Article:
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            Sexual behavior decreases pain sensitivity and stimulated endogenous opioids in male rats.

            In male rats copulation has antinociceptive effects as measured either by shock-induced vocalizations or hindlimb withdrawal to pinch. Prolonged mating reduces the content of endogenous opioids in midbrain but not in hypothalamus or caudate nucleus. Blockage of opiate receptors with the narcotic antagonist naloxone (4 mg/kg) significantly extends the postejaculatory interval. The results indicate that mating is a biological stimulus for the release of endogenous opoids, possibly to (a) prevent intense sexual stimulation from becoming aversive, and (b) increase its reward value.
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              Sexual stimulation activates c-fos within estrogen-concentrating regions of the female rat forebrain.

              Regions of the brain that concentrate estrogen and progesterone are thought to regulate female sexual behavior by altering gene expression and neural sensitivity to afferent stimulation. We used immunocytochemistry and in situ hybridization to examine c-fos gene expression within estrogen-concentrating regions of the forebrain following various types of sexual stimulation with or without hormone treatment. Ovariectomized rats received injections of estradiol benzoate 48 h and progesterone 4 h before testing. Control rats that had been ovariectomized at least 5 months before testing did not receive hormone treatment. Rats were then either placed into bilevel testing chambers with sexually vigorous males, received manual stimulation of the flanks, received vaginocervical stimulation with a glass rod, or were left in their home cages. Copulation with intromission and ejaculation in hormone-treated rats, or stimulation of the vaginal cervix in both hormone-treated and control rats, produced a dramatic induction of c-fos mRNA and Fos-like immunoreactivity in estrogen-concentrating regions, such as the lateral septum, medial preoptic area, bed nucleus of the stria terminalis, paraventricular nucleus of the hypothalamus, ventromedial hypothalamus, lateral habenula, and medial amygdala, in addition to regions that do not readily concentrate estrogen, such as the neocortex, thalamus, and striatum. Mechanical stimulation of the flanks produced a smaller induction of Fos in these rats, whereas hormone treatment alone had no effect. These data demonstrate that afferent sensory stimulation, but not estrogen or progesterone, regulates c-fos gene expression within different estrogen-concentrating and non-concentrating regions of the female rat forebrain.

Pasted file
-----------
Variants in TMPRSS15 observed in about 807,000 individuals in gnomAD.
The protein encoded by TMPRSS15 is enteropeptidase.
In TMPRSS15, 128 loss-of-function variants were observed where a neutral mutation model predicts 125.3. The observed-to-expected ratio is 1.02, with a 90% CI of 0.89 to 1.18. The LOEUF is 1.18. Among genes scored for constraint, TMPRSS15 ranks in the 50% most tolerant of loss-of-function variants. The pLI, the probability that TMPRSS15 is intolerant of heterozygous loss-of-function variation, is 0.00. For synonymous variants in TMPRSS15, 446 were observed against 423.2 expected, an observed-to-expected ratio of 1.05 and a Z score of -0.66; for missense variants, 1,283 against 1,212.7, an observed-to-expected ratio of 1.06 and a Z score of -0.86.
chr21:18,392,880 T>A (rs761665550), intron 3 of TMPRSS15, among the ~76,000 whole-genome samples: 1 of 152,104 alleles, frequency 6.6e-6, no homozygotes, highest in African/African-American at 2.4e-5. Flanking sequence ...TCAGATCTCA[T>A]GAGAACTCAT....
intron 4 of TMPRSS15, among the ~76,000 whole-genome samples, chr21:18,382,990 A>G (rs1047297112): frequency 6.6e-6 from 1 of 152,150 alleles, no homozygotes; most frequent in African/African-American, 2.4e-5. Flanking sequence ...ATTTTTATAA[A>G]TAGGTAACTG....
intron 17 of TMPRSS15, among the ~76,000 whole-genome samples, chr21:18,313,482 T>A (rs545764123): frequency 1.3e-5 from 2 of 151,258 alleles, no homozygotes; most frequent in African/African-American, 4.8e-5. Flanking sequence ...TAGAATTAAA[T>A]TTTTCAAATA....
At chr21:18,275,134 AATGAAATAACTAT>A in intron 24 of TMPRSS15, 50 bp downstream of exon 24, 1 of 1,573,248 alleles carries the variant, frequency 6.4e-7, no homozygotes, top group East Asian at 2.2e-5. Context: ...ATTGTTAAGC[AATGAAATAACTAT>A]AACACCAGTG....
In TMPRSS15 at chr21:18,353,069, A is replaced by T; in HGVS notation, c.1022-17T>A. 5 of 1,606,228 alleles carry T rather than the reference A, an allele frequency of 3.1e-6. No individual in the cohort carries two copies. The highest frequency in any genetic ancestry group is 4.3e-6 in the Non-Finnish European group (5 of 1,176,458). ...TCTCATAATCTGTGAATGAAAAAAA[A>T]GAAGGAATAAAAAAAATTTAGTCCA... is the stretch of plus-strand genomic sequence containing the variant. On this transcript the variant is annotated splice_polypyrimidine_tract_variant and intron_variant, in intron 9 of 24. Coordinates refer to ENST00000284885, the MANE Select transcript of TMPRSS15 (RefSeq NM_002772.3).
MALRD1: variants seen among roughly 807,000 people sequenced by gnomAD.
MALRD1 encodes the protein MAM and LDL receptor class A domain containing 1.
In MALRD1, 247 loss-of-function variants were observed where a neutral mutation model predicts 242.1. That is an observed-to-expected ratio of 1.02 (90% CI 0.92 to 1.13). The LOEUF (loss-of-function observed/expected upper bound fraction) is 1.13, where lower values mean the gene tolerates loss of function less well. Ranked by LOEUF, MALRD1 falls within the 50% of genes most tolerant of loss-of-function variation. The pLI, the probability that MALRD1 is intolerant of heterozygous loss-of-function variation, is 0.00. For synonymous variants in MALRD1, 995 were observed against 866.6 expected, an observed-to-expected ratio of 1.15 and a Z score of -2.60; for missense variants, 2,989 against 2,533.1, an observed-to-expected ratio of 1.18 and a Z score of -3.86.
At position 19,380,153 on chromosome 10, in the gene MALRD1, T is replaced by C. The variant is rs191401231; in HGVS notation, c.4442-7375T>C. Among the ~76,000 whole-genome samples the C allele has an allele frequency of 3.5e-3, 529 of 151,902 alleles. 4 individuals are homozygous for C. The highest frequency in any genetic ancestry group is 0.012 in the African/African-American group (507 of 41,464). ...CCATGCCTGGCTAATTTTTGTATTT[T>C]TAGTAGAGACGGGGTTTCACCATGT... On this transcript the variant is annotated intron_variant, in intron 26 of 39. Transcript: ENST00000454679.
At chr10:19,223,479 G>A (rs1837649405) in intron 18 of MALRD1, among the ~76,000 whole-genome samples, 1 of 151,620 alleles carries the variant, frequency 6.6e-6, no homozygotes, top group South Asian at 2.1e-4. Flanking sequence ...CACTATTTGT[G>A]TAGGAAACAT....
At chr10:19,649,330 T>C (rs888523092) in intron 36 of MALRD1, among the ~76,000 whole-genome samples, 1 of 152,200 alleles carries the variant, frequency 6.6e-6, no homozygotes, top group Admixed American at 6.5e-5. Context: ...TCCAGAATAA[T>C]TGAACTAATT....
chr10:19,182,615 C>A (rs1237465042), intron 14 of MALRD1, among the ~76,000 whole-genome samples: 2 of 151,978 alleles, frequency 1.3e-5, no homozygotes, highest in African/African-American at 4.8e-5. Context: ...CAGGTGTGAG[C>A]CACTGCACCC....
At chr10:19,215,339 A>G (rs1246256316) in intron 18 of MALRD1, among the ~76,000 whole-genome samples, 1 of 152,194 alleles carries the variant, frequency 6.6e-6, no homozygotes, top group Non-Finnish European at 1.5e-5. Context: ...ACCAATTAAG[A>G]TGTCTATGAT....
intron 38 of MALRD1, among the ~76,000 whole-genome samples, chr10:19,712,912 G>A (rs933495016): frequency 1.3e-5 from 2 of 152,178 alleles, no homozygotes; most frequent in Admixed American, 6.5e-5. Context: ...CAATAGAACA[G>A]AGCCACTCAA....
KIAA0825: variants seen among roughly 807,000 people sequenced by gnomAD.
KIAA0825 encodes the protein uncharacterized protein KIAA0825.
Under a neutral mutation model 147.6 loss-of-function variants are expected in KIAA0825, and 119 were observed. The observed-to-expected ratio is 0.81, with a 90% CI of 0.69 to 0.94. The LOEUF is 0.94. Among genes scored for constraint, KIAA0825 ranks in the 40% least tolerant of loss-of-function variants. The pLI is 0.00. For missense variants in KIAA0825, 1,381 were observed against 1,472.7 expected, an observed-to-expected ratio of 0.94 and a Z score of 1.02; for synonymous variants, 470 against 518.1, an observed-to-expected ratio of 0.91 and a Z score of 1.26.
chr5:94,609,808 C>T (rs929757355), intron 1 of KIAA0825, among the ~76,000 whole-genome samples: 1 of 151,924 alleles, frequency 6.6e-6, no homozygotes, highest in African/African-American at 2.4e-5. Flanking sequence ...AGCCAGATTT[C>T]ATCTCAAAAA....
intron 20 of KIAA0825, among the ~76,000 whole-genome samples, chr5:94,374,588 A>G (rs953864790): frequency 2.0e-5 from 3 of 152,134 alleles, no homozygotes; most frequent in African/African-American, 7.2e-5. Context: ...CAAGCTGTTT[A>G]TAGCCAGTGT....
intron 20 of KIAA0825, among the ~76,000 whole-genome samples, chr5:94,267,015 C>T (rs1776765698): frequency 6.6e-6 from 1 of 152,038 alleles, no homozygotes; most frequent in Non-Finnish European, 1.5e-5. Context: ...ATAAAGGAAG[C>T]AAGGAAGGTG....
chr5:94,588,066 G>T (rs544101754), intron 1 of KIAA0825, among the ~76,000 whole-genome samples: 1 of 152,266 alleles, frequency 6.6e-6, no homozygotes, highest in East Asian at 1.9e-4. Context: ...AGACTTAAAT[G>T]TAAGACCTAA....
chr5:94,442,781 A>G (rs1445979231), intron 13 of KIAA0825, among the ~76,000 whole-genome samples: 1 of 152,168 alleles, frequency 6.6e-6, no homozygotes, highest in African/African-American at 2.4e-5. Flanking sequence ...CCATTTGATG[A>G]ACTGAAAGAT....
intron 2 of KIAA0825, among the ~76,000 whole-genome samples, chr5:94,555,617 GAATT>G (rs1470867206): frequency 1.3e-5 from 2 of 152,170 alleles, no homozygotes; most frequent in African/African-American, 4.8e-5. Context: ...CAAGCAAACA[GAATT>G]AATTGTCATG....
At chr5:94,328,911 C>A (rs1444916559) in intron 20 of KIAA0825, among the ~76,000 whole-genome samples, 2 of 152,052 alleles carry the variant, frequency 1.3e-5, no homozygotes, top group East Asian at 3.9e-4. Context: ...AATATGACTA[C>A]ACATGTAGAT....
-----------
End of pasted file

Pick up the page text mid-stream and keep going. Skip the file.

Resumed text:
Author and article information

                S. Karger AG
                June 2003
                13 June 2003
                : 77
                : 5
                : 305-313
                Department of Biology, Boston University, Boston, Mass., USA
                70283 Neuroendocrinology 2003;77:305–313
                © 2003 S. Karger AG, Basel

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                Page count
                Figures: 5, Tables: 1, References: 63, Pages: 9
                Regulation of Reproductive Hormones